Cyert and Hedrick (1972) addressed similar points. They argue that in the neoclassical system the firm doesn’t exist, that no real world problems of firms are considered, that there are no organizational problems or any internal decision-making process at all. “In one sense the controversy over the theory of the firm has arisen over a non-existent entity. The crux of microeconomics is the competitive system. Within the competitive model there is a hypothetical construct called the firm. This construct consists of a single decision criterion and an ability to get information from an external world, called the “market” (Cyert & March, 2003). The information received from the market enables the firm to apply its decision criterion, and the competitive system then proceeds to allocate resources and produce output. The market information determines the behavior of the so called firm. None of the problems of real firms can find a home within this special construct. There are no organizational problems nor is there any room for analysis of the internal decision-making process.” (Cyert & Hedrick, 2003). Thus within the neoclassical model of the price system, the firm’s only role is to allow input owners to convert inputs into outputs in response to market prices. Firms have no internal organization since they have no need of one, they have no owners since there is nothing to own.
One of the first challenges to the neoclassical theory of the firm as a profit-maximising centre was presented by Hall and Hitch (1999). In their article, the authors criticise the “obscurity” surrounding the precise content of the terms “marginal and average revenue”, and raise questions about the nature of the demand curve assumed to be facing the firm. Their major criticism, however, focuses on that tenet of neoclassical theory according to which entrepreneurial behaviour will result in the equating of marginal cost with marginal revenue.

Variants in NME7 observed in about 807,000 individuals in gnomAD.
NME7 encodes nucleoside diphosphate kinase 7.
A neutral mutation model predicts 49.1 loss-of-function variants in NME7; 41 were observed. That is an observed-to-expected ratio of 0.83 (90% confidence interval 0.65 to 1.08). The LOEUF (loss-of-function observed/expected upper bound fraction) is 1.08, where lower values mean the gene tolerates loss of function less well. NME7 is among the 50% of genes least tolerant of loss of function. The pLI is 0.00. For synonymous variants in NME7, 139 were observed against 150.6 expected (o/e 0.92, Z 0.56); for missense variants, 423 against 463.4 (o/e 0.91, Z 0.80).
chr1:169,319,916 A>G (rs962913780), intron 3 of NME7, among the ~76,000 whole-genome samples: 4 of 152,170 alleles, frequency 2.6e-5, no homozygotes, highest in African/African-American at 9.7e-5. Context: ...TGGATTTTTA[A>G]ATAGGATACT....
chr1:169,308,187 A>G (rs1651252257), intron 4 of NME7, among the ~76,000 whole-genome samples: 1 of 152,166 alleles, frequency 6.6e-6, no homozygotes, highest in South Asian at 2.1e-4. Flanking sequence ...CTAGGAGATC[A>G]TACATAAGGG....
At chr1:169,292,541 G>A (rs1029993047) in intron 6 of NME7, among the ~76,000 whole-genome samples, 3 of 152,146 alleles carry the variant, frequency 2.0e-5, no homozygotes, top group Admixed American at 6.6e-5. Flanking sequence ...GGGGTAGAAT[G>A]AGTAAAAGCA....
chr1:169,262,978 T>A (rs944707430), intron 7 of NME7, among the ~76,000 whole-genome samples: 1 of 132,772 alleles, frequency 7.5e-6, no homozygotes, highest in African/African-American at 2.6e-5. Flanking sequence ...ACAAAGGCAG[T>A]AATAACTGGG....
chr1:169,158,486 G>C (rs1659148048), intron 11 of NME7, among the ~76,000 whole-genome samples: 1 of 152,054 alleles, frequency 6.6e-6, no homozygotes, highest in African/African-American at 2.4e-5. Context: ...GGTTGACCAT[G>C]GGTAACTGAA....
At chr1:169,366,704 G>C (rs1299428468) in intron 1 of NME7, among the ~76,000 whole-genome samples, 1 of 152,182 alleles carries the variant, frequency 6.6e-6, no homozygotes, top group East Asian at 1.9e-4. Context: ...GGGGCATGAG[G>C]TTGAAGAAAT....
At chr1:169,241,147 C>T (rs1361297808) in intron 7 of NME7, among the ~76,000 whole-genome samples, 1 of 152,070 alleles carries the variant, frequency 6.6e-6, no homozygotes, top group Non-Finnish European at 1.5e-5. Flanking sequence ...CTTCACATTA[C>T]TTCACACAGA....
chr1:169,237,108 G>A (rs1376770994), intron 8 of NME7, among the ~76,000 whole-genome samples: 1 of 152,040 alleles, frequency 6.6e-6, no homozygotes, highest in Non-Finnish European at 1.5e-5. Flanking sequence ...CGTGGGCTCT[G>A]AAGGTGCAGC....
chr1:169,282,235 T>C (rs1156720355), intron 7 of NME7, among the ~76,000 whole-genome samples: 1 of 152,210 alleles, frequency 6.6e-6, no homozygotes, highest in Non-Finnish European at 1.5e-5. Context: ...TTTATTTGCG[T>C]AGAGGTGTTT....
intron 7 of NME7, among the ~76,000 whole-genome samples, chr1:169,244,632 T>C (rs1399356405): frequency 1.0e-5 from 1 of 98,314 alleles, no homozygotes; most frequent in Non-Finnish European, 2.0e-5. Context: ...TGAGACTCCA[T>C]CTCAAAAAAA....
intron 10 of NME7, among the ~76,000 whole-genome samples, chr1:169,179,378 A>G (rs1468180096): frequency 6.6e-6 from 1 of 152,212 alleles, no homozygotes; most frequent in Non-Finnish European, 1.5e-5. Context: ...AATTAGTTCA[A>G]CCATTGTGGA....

In the neoclassical paradigm, profit maximisation is performed in the light of perfectly known cost and demand conditions. Imperfect information, and thus uncertainty, are irrelevant in this theory since markets are characterised by transparency, and since the equilibrium reached by the firm is the result of the interactions between variables defined in the present period of time. The firm operates in a timeless environment; the future is ignored.
SECTION 2: TRANSACTION COST THEORY
A different perspective focuses on how firms ensure the supply of inputs on the one hand and reach the final consumer on the other hand: rather than production functions, firms are regarded here as governance structures (Williamson, 1985). Transaction cost theory concentrates on the relative efficiency of different exchange processes. If for the firm-as-a-production-function view the internalization of one or more stages of production might generate technological economies (that is savings on the costs of physical inputs), for the firm-as-organization view it could lead also to transactional economies (that is savings on the costs of exchange inputs, when reduced amounts of resources are required to get the intermediate inputs). An intermediate step between pure market exchange and vertical integration is the use of short term and long term contracts. The decision to enter durable contractual relationships by signing long term contracts and the alternative vertical integration strategy share the sam.............